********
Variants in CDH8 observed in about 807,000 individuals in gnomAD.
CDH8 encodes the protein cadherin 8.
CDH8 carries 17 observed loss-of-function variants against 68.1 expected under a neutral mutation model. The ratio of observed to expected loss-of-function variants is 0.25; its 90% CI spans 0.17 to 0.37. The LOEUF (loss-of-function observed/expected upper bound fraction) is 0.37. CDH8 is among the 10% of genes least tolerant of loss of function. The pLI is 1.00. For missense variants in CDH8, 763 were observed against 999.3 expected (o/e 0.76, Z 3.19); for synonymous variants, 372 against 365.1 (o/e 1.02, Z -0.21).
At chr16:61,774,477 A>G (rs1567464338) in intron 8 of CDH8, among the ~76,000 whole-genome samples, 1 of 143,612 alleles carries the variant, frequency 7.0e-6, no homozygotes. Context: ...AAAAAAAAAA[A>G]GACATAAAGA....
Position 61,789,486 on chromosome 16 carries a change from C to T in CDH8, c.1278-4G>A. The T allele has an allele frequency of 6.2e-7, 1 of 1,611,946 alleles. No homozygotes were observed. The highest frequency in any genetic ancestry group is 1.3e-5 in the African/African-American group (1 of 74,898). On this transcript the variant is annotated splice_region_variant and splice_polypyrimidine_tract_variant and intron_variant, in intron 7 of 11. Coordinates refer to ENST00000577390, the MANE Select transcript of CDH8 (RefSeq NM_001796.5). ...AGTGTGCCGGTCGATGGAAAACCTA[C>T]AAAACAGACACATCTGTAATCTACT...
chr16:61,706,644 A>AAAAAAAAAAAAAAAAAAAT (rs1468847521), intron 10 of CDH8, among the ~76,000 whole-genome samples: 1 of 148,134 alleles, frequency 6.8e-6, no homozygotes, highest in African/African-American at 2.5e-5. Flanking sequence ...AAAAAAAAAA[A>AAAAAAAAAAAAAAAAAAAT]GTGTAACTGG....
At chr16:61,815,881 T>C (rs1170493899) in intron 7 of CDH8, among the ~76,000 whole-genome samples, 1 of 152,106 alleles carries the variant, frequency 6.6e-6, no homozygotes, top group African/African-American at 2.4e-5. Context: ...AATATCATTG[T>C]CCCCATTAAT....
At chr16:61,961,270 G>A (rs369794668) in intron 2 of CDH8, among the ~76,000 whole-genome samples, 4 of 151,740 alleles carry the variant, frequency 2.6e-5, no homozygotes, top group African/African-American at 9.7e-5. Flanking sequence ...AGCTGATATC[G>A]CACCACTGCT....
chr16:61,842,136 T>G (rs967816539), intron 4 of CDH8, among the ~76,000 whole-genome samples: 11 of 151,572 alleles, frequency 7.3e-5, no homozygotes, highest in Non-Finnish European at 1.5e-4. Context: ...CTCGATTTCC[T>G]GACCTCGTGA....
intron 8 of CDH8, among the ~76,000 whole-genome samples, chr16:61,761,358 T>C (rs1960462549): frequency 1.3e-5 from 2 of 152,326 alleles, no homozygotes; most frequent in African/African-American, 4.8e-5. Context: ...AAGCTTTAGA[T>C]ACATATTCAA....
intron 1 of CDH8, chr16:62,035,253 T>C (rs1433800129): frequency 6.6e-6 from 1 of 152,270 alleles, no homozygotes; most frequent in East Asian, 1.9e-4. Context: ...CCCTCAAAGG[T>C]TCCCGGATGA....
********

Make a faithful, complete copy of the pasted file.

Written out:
Variants in CDH8 observed in about 807,000 individuals in gnomAD.
CDH8 encodes the protein cadherin 8.
CDH8 carries 17 observed loss-of-function variants against 68.1 expected under a neutral mutation model. The ratio of observed to expected loss-of-function variants is 0.25; its 90% CI spans 0.17 to 0.37. The LOEUF (loss-of-function observed/expected upper bound fraction) is 0.37. CDH8 is among the 10% of genes least tolerant of loss of function. The pLI is 1.00. For missense variants in CDH8, 763 were observed against 999.3 expected (o/e 0.76, Z 3.19); for synonymous variants, 372 against 365.1 (o/e 1.02, Z -0.21).
At chr16:61,774,477 A>G (rs1567464338) in intron 8 of CDH8, among the ~76,000 whole-genome samples, 1 of 143,612 alleles carries the variant, frequency 7.0e-6, no homozygotes. Context: ...AAAAAAAAAA[A>G]GACATAAAGA....
Position 61,789,486 on chromosome 16 carries a change from C to T in CDH8, c.1278-4G>A. The T allele has an allele frequency of 6.2e-7, 1 of 1,611,946 alleles. No homozygotes were observed. The highest frequency in any genetic ancestry group is 1.3e-5 in the African/African-American group (1 of 74,898). On this transcript the variant is annotated splice_region_variant and splice_polypyrimidine_tract_variant and intron_variant, in intron 7 of 11. Coordinates refer to ENST00000577390, the MANE Select transcript of CDH8 (RefSeq NM_001796.5). ...AGTGTGCCGGTCGATGGAAAACCTA[C>T]AAAACAGACACATCTGTAATCTACT...
chr16:61,706,644 A>AAAAAAAAAAAAAAAAAAAT (rs1468847521), intron 10 of CDH8, among the ~76,000 whole-genome samples: 1 of 148,134 alleles, frequency 6.8e-6, no homozygotes, highest in African/African-American at 2.5e-5. Flanking sequence ...AAAAAAAAAA[A>AAAAAAAAAAAAAAAAAAAT]GTGTAACTGG....
At chr16:61,815,881 T>C (rs1170493899) in intron 7 of CDH8, among the ~76,000 whole-genome samples, 1 of 152,106 alleles carries the variant, frequency 6.6e-6, no homozygotes, top group African/African-American at 2.4e-5. Context: ...AATATCATTG[T>C]CCCCATTAAT....
At chr16:61,961,270 G>A (rs369794668) in intron 2 of CDH8, among the ~76,000 whole-genome samples, 4 of 151,740 alleles carry the variant, frequency 2.6e-5, no homozygotes, top group African/African-American at 9.7e-5. Flanking sequence ...AGCTGATATC[G>A]CACCACTGCT....
chr16:61,842,136 T>G (rs967816539), intron 4 of CDH8, among the ~76,000 whole-genome samples: 11 of 151,572 alleles, frequency 7.3e-5, no homozygotes, highest in Non-Finnish European at 1.5e-4. Context: ...CTCGATTTCC[T>G]GACCTCGTGA....
intron 8 of CDH8, among the ~76,000 whole-genome samples, chr16:61,761,358 T>C (rs1960462549): frequency 1.3e-5 from 2 of 152,326 alleles, no homozygotes; most frequent in African/African-American, 4.8e-5. Context: ...AAGCTTTAGA[T>C]ACATATTCAA....
intron 1 of CDH8, chr16:62,035,253 T>C (rs1433800129): frequency 6.6e-6 from 1 of 152,270 alleles, no homozygotes; most frequent in East Asian, 1.9e-4. Context: ...CCCTCAAAGG[T>C]TCCCGGATGA....